Total estimated Illinois nonfarm payroll employment in November 2023 was up by 6,800 jobs from the payroll numbers from the previous month, and up by 54,200 jobs from comparable figures achieved twelve months earlier in November 2022. The increase in unemployment for November 2023, which occurred despite a slight growth in overall Illinois jobs, reflected the continued movement of adult Illinoisans back into the labor force. When more people are coming into the labor force than net new hires, unemployment results.

Illinois created a net of 5,400 new manufacturing jobs in November 2023. While this was healthy growth, less than ten percent of Illinois’ overall labor force (568,600 of a total employed labor force of 6.15 million) is currently employed in factories and manufacturing. Other sectors that have shown strength in recent years, headed by educational and health services, other services, and government, continued to add jobs in Illinois. There was continued weakness in November 2023 in the Professional and Business Services sector, which shed 8,000 additional jobs in November 2023. This trend reflects overall changes in global sales and technology. In particular, the wholesaling and nationwide distribution of goods and services continues to be a key piece of Illinois’ economy, but a massive push towards automation is reducing jobs in this sector.   


  • Illinois State Police registration deadline nears.  The registration process is mandated by the “Protect Illinois Communities Act,” enacted by a partisan, lame-duck Illinois General Assembly in January 2023.

Under this mandate, persons who owned so-called “assault weapons,” and possessed them in Illinois prior to January 10, 2023, are required to go to the State Police website and fill out a form that lists their name, address, and the weapons and firearm-related items being registered. The registration process must be completed by midnight, December 31, 2023. Unregistered items could, down the road, be subject to confiscation by law enforcement. Firearms owners are raising questions about the deadline date and the overall process, including scrutiny of the fact that even as the deadline approaches there continue to be unanswered questions as to precisely which firearms and items must be registered.  Firearm owner groups assert that the State Police have not yet fully answered these questions.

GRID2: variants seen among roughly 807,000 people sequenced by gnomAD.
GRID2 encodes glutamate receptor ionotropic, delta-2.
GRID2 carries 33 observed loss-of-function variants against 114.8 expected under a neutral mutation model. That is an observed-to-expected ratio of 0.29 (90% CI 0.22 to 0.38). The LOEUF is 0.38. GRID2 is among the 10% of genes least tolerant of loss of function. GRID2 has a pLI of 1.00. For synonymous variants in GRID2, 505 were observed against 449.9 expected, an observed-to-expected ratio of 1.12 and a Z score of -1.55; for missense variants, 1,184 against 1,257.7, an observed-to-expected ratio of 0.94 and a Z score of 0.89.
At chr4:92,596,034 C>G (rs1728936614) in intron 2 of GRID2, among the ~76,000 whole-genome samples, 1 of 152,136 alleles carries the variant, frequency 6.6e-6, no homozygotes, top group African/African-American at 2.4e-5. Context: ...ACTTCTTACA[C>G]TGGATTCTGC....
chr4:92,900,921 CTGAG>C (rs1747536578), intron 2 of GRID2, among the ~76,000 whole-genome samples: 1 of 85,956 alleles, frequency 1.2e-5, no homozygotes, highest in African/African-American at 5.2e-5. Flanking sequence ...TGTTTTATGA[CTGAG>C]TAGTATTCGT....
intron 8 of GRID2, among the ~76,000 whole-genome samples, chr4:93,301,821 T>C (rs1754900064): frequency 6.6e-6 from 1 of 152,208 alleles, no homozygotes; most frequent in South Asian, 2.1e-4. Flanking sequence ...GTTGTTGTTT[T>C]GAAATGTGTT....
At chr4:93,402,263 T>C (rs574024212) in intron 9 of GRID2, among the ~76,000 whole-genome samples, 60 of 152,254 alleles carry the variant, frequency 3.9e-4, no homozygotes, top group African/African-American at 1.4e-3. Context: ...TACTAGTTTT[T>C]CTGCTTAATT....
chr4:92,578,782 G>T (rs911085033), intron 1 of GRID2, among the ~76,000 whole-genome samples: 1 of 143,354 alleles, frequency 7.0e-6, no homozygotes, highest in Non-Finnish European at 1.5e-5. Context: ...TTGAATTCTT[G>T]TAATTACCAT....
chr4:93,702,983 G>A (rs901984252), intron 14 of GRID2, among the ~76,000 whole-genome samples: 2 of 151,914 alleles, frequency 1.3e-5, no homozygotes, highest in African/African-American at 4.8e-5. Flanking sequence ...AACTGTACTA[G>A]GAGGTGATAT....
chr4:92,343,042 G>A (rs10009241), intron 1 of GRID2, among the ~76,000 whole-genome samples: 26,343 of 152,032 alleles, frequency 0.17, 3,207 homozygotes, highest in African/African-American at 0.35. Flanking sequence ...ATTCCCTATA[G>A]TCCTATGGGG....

Many Illinois firearm owners continue to oppose the act of mandatory registration of firearms with law enforcement, and statistical evidence indicates that many of these weapons have not yet been registered with the State Police as the December 31 deadline approaches. Furthermore, the “Protect Illinois Communities Act” forbids Illinoisans from taking new possession of banned firearms and related items if they were acquired after January 10, 2023, the effective date of the new Act. The State Police are preparing new rules to govern their oversight of these weapons on and after New Year’s Day, 2024. These controversial new rules have not yet been filed with the Office of the Illinois Secretary of State, an essential step in raising the text of the rules to the status of enforceable “administrative law.”

While the registration deadline approaches and the rules process moves forward, the “Protect Illinois Communities Act” continues to face legal scrutiny. Many Illinois gun owners believe that the Act is an unconstitutional violation of their rights under the Second Amendment. Plaintiffs have filed several lawsuits at both the state and federal level against the new Act; ultimately one of the cases is likely to be heard by the U.S. Supreme Court. The Supreme Court has refused to issue a preliminary injunction against the Illinois law in the federal lawsuits, and has declined to take up the state case. The refusal to issue a preliminary injunction in the federal cases does not touch the question of whether they will accept the appeal and issue a final decision on the constitutionality of the Illinois law. The appeals process continues.